Sign up for an at-home or a one-on-one course to be a certified trainer in boxing or kickboxing
About This Deal
Choose from Three Options
$ for an at-home boxing-trainer-certification course ($ value)
$78.50 for an at-home kickboxing-trainer-certification course ($399 value)
- At the end of your training, you can either mail in a video of your skill (final-exam requirements are provided) or e-mail a link to your video.
$627 for a one-on-one boxing or kickboxing trainer-certification course ($1,499 value)
- 10 hours of private training with an instructor
- Your final exam can either be a video or you can do your final exam in front of the instructors in order to receive more immediate feedback.
Each course includes a study guide, T-shirt, and DVD.
Boxing Footwork: Full-Body Fighting
Your instructor will teach you to punch, but also to use your other limbs to win. Learn why your feet matter with Groupon's look at footwork.
Boxers don't fight with just their arms; they use their whole bodies, especially their feet. The way a boxer moves his feet determines how vulnerable he is to punches—standing with one foot forward and the body turned slightly makes him a smaller target. And, of course, it can give his punches power. By pivoting the back foot and turning the hips and torso, a strong boxer can put upwards of 800 pounds of force behind a punch. The problem is that the same forward momentum that gives the punch strength can also throw the fighter off balance, so an opponent fleet-footed enough to sidestep the attack may be rewarded with an opportunity to counterpunch an unstable target. In a sense then, the object of footwork boils down to two conflicting goals: get your feet set so you can put power into your punches, and keep your opponent moving so he can’t do the same.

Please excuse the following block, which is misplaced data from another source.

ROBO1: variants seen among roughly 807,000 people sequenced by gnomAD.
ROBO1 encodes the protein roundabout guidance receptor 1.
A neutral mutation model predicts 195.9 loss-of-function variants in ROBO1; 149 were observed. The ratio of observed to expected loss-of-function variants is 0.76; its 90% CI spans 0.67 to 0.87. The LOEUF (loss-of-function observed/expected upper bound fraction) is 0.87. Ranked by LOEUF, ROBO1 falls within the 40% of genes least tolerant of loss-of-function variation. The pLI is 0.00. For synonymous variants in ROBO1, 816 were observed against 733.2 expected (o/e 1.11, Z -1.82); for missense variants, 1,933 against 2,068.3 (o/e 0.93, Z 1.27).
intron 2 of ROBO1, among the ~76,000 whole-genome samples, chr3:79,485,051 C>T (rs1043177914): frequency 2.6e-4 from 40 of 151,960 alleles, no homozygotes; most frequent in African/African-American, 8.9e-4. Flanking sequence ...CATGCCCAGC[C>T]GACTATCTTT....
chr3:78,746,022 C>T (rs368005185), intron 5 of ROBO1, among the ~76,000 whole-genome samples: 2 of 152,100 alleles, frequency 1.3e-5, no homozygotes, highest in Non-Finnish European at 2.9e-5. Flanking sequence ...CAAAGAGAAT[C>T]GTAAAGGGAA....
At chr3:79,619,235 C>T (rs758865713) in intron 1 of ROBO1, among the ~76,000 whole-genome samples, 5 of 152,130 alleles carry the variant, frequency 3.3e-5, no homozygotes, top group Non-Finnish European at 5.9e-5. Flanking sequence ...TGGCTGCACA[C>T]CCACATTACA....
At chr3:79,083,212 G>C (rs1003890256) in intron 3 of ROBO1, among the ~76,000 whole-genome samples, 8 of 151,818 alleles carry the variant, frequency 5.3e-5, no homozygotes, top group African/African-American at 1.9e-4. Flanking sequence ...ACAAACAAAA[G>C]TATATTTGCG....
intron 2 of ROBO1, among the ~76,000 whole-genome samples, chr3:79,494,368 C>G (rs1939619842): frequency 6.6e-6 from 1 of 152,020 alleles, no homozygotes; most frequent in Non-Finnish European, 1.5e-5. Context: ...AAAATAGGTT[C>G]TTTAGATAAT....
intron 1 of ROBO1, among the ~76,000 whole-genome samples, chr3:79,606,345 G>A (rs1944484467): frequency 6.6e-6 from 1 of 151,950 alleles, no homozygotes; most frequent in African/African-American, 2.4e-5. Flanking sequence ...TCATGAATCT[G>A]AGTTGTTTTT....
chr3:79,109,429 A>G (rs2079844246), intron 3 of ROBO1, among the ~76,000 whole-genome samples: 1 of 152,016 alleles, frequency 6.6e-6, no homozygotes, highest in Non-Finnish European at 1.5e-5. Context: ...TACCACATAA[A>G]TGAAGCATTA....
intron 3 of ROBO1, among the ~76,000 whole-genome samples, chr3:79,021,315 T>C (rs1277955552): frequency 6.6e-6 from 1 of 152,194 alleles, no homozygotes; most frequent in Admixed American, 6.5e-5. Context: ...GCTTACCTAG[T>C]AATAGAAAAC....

Smart boxers are able to use their footwork to support their overall strategy. Rocky Marciano, a power fighter who scored 43 knockouts in 49 victories, kept his feet closer together than many boxers do, which cost him mobility but gave him might. By contrast, Floyd Mayweather, who's won 43 fights but only tallied 26 knockouts, relies on a wider stance. In this position, he can dodge punches with speedy lateral movements and then unleash flurries of quick counterpunches, which means he may not throw as many knockout blows, but he is likely to impress judges and win by decision.